Dividend paying stocks like Securitas AB (STO:SECU B) tend to be popular with investors, and for good reason – some research suggests a significant amount of all stock market returns come from reinvested dividends. Yet sometimes, investors buy a popular dividend stock because of its yield, and then lose money if the company’s dividend doesn’t live up to expectations.
A high yield and a long history of paying dividends is an appealing combination for Securitas. It would not be a surprise to discover that many investors buy it for the dividends. There are a few simple ways to reduce the risks of buying Securitas for its dividend, and we’ll go through these below.
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OM:SECU B Historical Dividend Yield, February 17th 2020
Dividends are usually paid out of company earnings. If a company is paying more than it earns, then the dividend might become unsustainable – hardly an ideal situation. As a result, we should always investigate whether a company can afford its dividend, measured as a percentage of a company’s net income after tax. Securitas paid out 52% of its profit as dividends, over the trailing twelve month period. This is a healthy payout ratio, and while it does limit the amount of earnings that can be reinvested in the business, there is also some room to lift the payout ratio over time.
We also measure dividends paid against a company’s levered free cash flow, to see if enough cash was generated to cover the dividend. Of the free cash flow it generated last year, Securitas paid out 33% as dividends, suggesting the dividend is affordable. It’s positive to see that Securitas’s dividend is covered by both profits and cash flow, since this is generally a sign that the dividend is sustainable, and a lower payout ratio usually suggests a greater margin of safety before the dividend gets cut.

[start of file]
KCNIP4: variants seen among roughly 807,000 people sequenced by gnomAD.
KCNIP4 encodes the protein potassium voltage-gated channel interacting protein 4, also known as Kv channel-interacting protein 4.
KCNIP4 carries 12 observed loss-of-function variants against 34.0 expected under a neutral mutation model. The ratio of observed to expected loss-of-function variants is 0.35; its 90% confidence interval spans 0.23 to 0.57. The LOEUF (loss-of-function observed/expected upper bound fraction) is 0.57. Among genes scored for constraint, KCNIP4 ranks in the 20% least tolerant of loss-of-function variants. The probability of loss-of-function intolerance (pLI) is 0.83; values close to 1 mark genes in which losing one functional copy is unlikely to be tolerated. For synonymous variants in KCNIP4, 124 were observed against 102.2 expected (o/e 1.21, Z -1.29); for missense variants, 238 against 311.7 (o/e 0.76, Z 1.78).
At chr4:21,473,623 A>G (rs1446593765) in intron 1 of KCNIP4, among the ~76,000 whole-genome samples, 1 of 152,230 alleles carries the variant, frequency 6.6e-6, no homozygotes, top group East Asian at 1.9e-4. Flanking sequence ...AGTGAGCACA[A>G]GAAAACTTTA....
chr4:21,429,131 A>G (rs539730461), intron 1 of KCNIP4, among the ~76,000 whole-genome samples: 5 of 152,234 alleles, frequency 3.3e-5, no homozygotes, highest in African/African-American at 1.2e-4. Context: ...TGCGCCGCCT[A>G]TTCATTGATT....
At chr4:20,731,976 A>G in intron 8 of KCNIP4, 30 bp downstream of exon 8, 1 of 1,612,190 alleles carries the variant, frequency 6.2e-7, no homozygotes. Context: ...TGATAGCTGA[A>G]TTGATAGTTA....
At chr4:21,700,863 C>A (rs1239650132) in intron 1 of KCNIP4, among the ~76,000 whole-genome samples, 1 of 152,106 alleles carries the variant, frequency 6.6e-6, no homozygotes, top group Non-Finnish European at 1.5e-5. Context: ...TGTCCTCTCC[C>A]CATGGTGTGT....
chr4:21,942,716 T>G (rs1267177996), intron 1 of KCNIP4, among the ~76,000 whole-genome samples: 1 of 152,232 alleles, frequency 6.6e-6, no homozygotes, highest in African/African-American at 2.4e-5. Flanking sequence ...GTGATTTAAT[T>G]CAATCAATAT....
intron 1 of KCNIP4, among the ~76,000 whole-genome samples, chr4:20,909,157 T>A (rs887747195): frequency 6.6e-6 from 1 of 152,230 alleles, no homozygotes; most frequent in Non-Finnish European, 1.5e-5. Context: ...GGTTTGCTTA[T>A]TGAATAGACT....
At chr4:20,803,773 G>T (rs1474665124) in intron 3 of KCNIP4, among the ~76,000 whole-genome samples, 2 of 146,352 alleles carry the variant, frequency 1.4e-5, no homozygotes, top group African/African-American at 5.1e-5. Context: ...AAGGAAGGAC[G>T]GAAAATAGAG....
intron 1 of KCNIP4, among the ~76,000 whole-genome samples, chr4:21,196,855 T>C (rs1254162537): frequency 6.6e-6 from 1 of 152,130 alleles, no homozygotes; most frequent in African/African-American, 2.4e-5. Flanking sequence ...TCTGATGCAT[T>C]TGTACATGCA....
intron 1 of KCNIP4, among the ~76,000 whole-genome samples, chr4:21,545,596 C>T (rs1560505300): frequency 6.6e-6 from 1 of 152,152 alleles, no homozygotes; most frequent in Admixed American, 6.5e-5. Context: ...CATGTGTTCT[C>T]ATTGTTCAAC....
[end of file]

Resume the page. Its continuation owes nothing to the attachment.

Consider getting our latest analysis on Securitas’s financial position here.
Before buying a stock for its income, we want to see if the dividends have been stable in the past, and if the company has a track record of maintaining its dividend. Securitas has been paying dividends for a long time, but for the purpose of this analysis, we only examine the past 10 years of payments. The dividend has been stable over the past 10 years, which is great. We think this could suggest some resilience to the business and its dividends. During the past ten-year period, the first annual payment was kr2.90 in 2010, compared to kr4.80 last year. Dividends per share have grown at approximately 5.2% per year over this time.
Companies like this, growing their dividend at a decent rate, can be very valuable over the long term, if the rate of growth can be maintained.
Dividend Growth Potential
While dividend payments have been relatively reliable, it would also be nice if earnings per share (EPS) were growing, as this is essential to maintaining the dividend’s purchasing power over the long term. It’s good to see Securitas has been growing its earnings per share at 10% a year over the past five years. Earnings per share have been growing rapidly, but given that it is paying out more than half of its earnings as dividends, we wonder how Securitas will keep funding its growth projects in the future.
Dividend investors should always want to know if a) a company’s dividends are affordable, b) if there is a track record of consistent payments, and c) if the dividend is capable of growing. First, we think Securitas has an acceptable payout ratio and its dividend is well covered by cashflow. Next, growing earnings per share and steady dividend payments is a great combination. Overall we think Securitas scores well on our analysis. It’s not quite perfect, but we’d definitely be keen to take a closer look.
Companies that are growing earnings tend to be the best dividend stocks over the long term. See what the 16 analysts we track are forecasting for Securitas for free with public analyst estimates for the company.
If you are a dividend investor, you might also want to look at our curated list of dividend stocks yielding above 3%.
If you spot an error that warrants correction, please contact the editor at email@example.com. This article by Simply Wall St is general in nature. It does not constitute a recommendation to buy or sell any stock, and does not take account of your objectives, or your financial situation. Simply Wall St has no position in the stocks mentioned.
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